Saif Ali Khan, Katrina Kaif, Sohaila Kapur and Mohammed Zeeshan Ayyub
There was much hue-and-cry about the overdose of jingoism in Katrina Kaif-Saif Ali Khan-starrer Phantom when the first trailer was released. Now with the film running in theatres, we realise that the filmmaker's claims that anything related to 26/11 Mumbai attacks does sound jingoistic, was an understatement.
Based on former investigative journalist S Hussain Zaidi's novel Mumbai Avengers, director Kabir Khan's Phantom was never meant to be a great piece of cinema. Never mind that the original plot and the story had everything in it that could be turned into an edge-of-the-seat thriller Bollywood has been waiting for years. But what mars the final product is pedestrian acting, by both Katrina Kaif and Saif Ali Khan, and a loose script.
An old tea-seller roaming on a bicycle around the Taj Hotel won't charge anyone for his tea. Why? Because he has just got the news that the mastermind of the attack in which his son (who was a waiter at the hotel) was killed, has been eliminated in Pakistan. The old man tells Katrina, "Aisa laga mere bete ki rooh ko sukoon mil gaya." Jingoism much?
Phantom is a fictionalised account of Daniyal Khan (Saif Ali Khan), an Indian Army officer who's hand-picked to spearhead a covert mission to eliminate the masterminds of the 26/11 Mumbai terror attacks, with the help of a three-member team: two Research and Analysis Wing (RAW) officials Mohammed Zeeshan Ayyub and Bengali actor Sabyasachi Chakraborty, the brain behind the mission, and "security agent" Nawaz (Katrina Kaif), who works for an American company that "supplies" arms to Mujahideens.
For all the high-pitched drama that you would expect from a story as charged as this, Phantom falls flat from the word go. Not that the script does not try. In fact, it tries a little too hard to build the tempo around events at several points in the film. Case in point: A series of long-winded scenes where Sohaila Kapur, a Pakistani nurse who helps Saif and Katrina in their mission, is surrounded by Pakistani Army/ISI (Phantom does not make any distinction between the two). She kills herself before the troops catch her, but all through the sequence, the daredevil in Nawaz couldn't get herself to come out of hiding and do anything to save the old woman. She leaves the scene when shots are fired.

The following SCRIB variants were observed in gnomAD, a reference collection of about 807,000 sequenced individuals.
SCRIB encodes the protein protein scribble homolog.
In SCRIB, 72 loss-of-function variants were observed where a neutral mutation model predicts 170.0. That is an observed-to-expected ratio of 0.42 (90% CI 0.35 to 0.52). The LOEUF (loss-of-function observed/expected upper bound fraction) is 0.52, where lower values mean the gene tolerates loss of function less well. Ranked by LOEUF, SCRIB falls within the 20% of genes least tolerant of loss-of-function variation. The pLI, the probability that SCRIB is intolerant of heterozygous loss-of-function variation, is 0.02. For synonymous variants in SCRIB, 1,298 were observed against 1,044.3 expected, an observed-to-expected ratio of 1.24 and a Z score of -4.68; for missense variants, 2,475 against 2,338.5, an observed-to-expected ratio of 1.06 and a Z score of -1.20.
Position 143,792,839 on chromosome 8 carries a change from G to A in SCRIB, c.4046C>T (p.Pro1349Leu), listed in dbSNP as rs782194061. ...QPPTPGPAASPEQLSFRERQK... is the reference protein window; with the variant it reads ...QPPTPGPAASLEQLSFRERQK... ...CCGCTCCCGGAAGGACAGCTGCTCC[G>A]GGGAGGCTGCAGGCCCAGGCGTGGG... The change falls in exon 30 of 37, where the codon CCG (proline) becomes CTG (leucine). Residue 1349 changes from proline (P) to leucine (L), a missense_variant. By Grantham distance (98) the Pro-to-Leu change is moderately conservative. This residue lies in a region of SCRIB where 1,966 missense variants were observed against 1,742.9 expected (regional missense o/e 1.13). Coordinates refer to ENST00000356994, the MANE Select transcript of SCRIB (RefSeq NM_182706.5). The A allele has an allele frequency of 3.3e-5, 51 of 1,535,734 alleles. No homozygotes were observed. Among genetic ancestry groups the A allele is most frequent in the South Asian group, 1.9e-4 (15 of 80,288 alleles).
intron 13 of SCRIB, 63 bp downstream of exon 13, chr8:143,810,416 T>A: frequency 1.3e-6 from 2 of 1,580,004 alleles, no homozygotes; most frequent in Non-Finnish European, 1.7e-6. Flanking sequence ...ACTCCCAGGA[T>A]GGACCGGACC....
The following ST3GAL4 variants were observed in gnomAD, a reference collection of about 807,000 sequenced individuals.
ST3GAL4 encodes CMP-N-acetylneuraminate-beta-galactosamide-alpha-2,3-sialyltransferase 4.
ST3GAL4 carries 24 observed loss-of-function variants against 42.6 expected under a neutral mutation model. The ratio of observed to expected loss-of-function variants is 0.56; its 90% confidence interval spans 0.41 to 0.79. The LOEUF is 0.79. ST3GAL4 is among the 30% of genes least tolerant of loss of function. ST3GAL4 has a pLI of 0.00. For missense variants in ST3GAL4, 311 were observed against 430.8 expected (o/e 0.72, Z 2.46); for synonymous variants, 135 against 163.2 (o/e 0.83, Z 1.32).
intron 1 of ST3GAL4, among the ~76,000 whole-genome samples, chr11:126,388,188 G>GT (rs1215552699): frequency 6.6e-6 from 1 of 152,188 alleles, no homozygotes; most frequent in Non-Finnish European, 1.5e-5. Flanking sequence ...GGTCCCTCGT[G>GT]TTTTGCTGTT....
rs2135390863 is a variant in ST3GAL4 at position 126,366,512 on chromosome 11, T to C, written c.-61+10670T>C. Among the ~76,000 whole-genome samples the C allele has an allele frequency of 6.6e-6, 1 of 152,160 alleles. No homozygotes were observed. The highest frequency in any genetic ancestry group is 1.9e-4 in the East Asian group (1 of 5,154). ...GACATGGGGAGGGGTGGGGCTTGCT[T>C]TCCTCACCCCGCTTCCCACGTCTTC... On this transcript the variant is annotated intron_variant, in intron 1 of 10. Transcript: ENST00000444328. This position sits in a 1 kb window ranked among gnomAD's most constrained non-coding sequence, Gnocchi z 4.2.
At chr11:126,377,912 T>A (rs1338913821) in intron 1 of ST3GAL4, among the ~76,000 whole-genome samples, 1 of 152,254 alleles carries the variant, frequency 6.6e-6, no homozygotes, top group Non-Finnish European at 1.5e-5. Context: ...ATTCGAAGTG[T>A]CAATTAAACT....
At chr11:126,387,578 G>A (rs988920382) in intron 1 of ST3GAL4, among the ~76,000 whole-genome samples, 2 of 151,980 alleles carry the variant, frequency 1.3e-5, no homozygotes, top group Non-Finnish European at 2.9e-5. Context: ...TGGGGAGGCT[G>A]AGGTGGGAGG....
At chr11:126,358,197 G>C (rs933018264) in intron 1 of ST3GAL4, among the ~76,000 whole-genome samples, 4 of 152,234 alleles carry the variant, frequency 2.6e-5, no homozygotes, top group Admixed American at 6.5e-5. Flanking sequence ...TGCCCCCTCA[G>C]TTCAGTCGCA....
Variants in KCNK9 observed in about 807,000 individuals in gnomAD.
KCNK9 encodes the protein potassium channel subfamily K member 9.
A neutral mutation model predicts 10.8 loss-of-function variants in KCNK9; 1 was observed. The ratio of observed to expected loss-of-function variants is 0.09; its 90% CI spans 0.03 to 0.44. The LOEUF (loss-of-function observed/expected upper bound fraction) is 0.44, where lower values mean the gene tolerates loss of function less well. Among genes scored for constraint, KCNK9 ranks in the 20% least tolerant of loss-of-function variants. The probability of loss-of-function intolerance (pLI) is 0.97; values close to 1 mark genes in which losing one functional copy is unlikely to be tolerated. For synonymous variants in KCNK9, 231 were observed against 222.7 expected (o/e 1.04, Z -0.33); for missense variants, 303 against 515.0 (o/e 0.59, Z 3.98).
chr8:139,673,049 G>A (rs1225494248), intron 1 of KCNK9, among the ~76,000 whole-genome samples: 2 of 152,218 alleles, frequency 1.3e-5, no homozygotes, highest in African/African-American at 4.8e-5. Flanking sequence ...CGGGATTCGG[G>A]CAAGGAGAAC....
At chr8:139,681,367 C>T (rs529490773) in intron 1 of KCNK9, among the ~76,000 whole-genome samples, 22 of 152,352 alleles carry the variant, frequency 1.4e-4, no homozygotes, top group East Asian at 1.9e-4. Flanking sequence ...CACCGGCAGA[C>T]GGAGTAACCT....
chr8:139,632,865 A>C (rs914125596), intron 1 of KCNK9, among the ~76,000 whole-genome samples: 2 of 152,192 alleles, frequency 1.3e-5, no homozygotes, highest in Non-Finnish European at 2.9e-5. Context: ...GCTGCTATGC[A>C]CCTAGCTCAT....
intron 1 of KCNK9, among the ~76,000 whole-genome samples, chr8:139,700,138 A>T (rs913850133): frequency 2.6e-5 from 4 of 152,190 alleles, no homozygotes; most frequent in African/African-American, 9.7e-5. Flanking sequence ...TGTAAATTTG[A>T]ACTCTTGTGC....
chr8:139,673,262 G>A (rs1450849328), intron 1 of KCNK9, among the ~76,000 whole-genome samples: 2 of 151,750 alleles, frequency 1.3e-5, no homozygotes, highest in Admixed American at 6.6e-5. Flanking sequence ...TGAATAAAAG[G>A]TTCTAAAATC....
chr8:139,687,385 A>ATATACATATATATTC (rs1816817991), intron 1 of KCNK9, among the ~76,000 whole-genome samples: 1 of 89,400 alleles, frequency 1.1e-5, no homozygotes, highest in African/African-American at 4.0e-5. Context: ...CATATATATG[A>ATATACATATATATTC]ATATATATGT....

Really? And we thought she was part of a covert operation to neutralise a ruthless international terrorist! One more thing. Somebody please tell us how the leader of a mission, which is not official, could pay 10 thousand pounds to Nawaz for simply identifying one of the main accused in the 26/11 attacks? But then, maybe we should overlook logical failure for the sake of patriotism.
Talking of patriotism, there is too much of it in Phantom. From jingoistic dialogues to really vague ideas, this film has an overdose of it all. But then, it is just the right kind of drama that will draw the crowd to the box office, and help rake in the money to make it the second hit-in-a-row for director Kabir Khan, after the success of Salman Khan's Bajrangi Bhaijaan.
Kabir, nonetheless, needs to be lauded for his efforts. He has taken care of several minute details in the movie to ensure that its political impact is not blunt. His simple message through the film, as we see it, is that India as a country should not bow down to terrorism in the name of diplomatic complexities. He's also played it pretty safe: By giving 'Muslim' names to all the key players in the mission (except the one who gave the idea).
Some of the dialogues also border on jingoism, but no less interesting and catchy. While trying to convince his seniors at RAW for the "mission", Ayyub says, "Ye log (terrorists) kitna bhi attack karein, hum (India) kuch karte to hain nahi, bus cricket khelna band kar dete hain."
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In his attempt to get Daniyal on board, Ayyub says again: "Jab 10 jahil launde ek sheher me tabahi macha sakte hain to hum kyu unki dahshat-nagri me aag nahi laga sakte?"
Watch Phantom just for the character actors if you have to. All of them -- Sohaila Kapur, Mohammed Zeeshan Ayyub and Sabyasachi Chakraborty -- deliver power-packed performances, as if to compensate for the lead pair's lack of acting skills.
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